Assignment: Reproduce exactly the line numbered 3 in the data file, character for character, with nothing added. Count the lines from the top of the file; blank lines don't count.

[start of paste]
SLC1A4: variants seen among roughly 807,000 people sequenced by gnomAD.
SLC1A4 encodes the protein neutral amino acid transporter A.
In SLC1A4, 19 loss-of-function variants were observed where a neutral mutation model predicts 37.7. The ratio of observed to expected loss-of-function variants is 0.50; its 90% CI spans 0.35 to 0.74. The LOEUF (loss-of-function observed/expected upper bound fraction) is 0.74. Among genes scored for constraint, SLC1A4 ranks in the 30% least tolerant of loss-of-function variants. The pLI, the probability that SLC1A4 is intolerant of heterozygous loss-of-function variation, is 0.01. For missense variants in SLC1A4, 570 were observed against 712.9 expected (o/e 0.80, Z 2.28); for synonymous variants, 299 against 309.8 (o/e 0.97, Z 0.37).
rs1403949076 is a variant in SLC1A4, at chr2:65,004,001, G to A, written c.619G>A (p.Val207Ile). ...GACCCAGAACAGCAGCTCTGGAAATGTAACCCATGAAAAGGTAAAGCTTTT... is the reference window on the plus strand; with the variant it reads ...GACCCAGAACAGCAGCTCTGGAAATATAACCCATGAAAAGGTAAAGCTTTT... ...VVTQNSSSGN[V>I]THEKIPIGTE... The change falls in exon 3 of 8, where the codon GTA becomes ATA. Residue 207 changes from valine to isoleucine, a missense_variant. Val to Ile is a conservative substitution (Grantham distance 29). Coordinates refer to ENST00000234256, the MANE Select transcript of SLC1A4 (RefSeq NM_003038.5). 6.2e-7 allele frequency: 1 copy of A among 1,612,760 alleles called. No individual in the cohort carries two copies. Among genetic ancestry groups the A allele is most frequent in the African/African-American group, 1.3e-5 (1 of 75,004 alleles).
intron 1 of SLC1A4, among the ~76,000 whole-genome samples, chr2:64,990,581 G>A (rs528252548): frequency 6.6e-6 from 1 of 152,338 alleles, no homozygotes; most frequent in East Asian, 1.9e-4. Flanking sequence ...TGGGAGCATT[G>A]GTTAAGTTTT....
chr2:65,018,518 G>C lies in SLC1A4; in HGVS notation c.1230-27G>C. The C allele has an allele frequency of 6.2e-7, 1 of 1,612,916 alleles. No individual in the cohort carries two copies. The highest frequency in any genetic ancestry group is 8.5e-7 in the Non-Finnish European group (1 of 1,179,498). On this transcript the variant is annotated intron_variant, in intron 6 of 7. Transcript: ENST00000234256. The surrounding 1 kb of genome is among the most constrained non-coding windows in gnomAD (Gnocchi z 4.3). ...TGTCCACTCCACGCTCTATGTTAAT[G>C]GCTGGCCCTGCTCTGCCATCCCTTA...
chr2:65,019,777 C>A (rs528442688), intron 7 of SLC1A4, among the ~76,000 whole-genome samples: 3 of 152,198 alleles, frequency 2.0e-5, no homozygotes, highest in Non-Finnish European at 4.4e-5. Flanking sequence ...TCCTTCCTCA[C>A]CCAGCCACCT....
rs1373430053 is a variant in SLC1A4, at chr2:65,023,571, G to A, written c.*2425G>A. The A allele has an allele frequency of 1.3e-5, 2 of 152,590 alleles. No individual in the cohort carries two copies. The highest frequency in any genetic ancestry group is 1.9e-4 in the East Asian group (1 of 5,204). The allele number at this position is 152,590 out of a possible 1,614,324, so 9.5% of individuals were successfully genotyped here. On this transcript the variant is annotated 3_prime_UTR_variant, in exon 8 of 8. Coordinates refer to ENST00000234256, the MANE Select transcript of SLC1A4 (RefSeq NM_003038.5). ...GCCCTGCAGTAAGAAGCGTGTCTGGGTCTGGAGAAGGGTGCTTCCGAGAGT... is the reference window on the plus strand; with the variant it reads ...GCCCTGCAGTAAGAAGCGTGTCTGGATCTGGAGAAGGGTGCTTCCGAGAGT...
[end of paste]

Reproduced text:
In SLC1A4, 19 loss-of-function variants were observed where a neutral mutation model predicts 37.7. The ratio of observed to expected loss-of-function variants is 0.50; its 90% CI spans 0.35 to 0.74. The LOEUF (loss-of-function observed/expected upper bound fraction) is 0.74. Among genes scored for constraint, SLC1A4 ranks in the 30% least tolerant of loss-of-function variants. The pLI, the probability that SLC1A4 is intolerant of heterozygous loss-of-function variation, is 0.01. For missense variants in SLC1A4, 570 were observed against 712.9 expected (o/e 0.80, Z 2.28); for synonymous variants, 299 against 309.8 (o/e 0.97, Z 0.37).